188.8.131.52 Individual Testing
When additional information is needed concerning a student, arrangements for testing and assessment may be made through Career Services and the Academic Success Center. A minimal fee may be charged.
Under the Family Educational Rights and Privacy Act of 1974, students are entitled to review those records, files, documents and other materials which are maintained by the University and which contain information directly related to them. Exceptions are: personal notes of UWRF staff and faculty, employment records, medical and counseling records used solely for treatment, records in the Department of Public Safety, parents' financial records, confidential letters and statements placed in the records prior to January 1, 1975, and confidential letters and statements of recommendation for admission, employment or honorary recognition, placed in the records after January 1, 1975, but for which the student has waived the right of inspection and review. Students must submit written requests to review their records, and the University has 45 days to comply with such requests.
Students have the right to challenge information in their educational records which they believe to be inaccurate, misleading, or inappropriate, and to insert in the record a statement explaining any such material from their point of view. A formal challenge to administrator of the appropriate office.
The Vice Chancellor for Administration and Finance has been designated by the Chancellor as the custodian of all public records maintained at the University of Wisconsin-River Falls.
"Directory Information" includes name, address, telephone listing, date of birth, major field of study, participation in officially recognized activities including sports, weight and height of members of athletic teams, dates of attendance (including classification and year, matriculation and withdrawal dates), degrees and awards received and the most recent previous educational agency or institution attended. This information will be routinely released to any inquirer unless the student requests, in writing to the Registrar, that all or part of it be withheld.
There is an electronic phone book linked to the UWRF Home Page (http://www.uwrf.edu). Information listed on each individual includes: name, email address, alias, classification, major(s), minor(s), hometown, local address, and local telephone number. As is the case with other directory information, this information will not be posted if the student so requests, in writing, to the Registrar.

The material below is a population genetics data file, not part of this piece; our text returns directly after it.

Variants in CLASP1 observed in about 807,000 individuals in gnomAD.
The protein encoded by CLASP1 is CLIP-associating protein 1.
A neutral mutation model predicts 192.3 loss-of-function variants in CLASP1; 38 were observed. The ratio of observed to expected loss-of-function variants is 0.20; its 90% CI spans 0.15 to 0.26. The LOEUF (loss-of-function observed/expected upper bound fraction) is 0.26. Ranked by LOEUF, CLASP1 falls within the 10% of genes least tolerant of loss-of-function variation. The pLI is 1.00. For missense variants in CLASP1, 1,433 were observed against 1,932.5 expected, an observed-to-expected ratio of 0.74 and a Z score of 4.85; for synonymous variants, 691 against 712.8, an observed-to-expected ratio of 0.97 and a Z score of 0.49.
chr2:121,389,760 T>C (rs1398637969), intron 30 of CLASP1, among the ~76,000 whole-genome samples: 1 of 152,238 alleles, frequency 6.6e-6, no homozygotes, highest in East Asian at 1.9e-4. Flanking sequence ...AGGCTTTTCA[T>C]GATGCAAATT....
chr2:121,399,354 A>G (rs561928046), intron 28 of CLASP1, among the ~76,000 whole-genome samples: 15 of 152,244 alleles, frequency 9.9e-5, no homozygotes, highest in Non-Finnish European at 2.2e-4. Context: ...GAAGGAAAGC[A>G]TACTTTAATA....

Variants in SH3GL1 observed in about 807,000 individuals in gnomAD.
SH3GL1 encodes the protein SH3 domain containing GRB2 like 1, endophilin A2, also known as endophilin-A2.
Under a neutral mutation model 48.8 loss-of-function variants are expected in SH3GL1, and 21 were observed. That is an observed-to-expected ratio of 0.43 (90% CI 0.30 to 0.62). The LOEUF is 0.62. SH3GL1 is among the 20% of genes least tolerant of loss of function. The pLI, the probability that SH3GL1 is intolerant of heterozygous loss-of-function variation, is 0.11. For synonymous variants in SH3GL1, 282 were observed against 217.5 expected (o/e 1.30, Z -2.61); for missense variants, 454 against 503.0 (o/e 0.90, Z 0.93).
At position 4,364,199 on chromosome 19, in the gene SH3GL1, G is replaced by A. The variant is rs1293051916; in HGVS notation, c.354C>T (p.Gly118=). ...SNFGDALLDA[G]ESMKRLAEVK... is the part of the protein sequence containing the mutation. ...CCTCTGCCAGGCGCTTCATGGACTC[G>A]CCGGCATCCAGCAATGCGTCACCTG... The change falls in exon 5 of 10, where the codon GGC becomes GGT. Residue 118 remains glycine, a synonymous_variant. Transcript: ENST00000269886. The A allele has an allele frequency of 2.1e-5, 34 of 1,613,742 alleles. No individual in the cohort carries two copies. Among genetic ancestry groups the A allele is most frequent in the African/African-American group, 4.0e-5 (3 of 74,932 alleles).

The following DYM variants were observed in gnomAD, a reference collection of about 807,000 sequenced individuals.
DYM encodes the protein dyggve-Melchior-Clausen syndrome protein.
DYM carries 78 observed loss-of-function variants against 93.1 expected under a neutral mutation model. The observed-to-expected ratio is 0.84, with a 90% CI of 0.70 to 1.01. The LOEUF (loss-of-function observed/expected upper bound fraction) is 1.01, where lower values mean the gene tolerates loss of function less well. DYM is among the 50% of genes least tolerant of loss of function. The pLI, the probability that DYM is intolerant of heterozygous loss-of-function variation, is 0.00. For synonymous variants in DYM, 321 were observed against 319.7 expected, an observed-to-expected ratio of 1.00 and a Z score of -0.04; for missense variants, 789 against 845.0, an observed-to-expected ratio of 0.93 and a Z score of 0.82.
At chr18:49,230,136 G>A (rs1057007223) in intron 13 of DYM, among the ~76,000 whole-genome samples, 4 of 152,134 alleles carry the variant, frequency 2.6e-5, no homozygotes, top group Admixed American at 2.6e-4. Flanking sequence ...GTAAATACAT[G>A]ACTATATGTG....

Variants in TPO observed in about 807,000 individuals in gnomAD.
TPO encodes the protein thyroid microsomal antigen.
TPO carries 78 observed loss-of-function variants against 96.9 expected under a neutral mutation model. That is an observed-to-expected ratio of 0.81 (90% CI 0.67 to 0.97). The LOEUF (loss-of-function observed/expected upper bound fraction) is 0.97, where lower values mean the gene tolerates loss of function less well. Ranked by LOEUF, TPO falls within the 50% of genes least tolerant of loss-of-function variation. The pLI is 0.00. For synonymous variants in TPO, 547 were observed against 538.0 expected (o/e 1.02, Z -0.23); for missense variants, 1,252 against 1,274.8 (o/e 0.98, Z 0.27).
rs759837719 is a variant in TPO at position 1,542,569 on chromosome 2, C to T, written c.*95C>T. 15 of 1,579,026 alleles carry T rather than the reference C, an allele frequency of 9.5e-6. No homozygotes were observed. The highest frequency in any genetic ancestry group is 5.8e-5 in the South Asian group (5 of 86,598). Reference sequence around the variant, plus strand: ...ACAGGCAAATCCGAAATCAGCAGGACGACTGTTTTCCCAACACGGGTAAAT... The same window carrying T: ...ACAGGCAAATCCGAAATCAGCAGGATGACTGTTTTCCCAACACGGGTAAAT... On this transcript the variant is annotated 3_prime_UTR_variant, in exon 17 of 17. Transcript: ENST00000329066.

Advising starts when a student expresses an interest in UWRF and continues until the student completes his or her education at UWRF or leaves. Each department is responsible for an advising program that uses the services of UWRF for the specific needs of the student--the choice of classes for majors and minors, remedial concerns, development of special talents, enrichment through extra-curricular involvement, and career planning. Each chair should assign faculty to contact students interested in the department.
The following outline provides information about advising whereby the department maintains consistent contact with new students, continuing students, and interested students.
184.108.40.206 Prospective Students
The names of prospective students are sent to departments on a continuing basis. These names come from interest cards completed by prospective students when admissions counselors visit schools or when they attend college fairs and career days as well as from mail inquiries to the Admissions Office. These names also come from students who have taken the ACT or SAT and had their score reports sent to UWRF. Throughout the year, letters from the department heads are sent to these interested students, stressing the advantages the department has for the student. These letters may be standard, but an extra handwritten comment is suggested.
Computer printouts of accepted students are sent to the Deans, on a monthly basis, from the Admissions Office. This information is sorted by major, address of student, and other data.
220.127.116.11 Freshmen and Transfer Students
June-July Orientation/Registration: New students register during a number of days dedicated to this process. At that time new students will meet with department representatives who will advise them on course work and requirements. Testing and initial orientation also take place on these advising days. The Admissions Office provides students with detailed advance information on services available at this time. August-September Orientation/Registration: New students may also register on a specified day just prior to the opening of the academic year.
18.104.22.168 Continuing Students
In the month of October, students and their academic advisors will receive information regarding advising periods and registration times for the next spring semester. In the month of March, students and their academic advisors will receive information regarding advising periods and registration times for the next fall semester. Students and their advisors will meet prior to the student's registration appointment in order to work out the student's schedule for the following semester and to do whatever long-range planning is appropriate (see previous sections on advising).
The Registrar's Office will not reissue lost PIN numbers without written authorization from the advisor. Acceptable written authorization includes a hand-written or wordprocessed note, not an email correspondence. The note may be carried by the student to the Registrar's Office.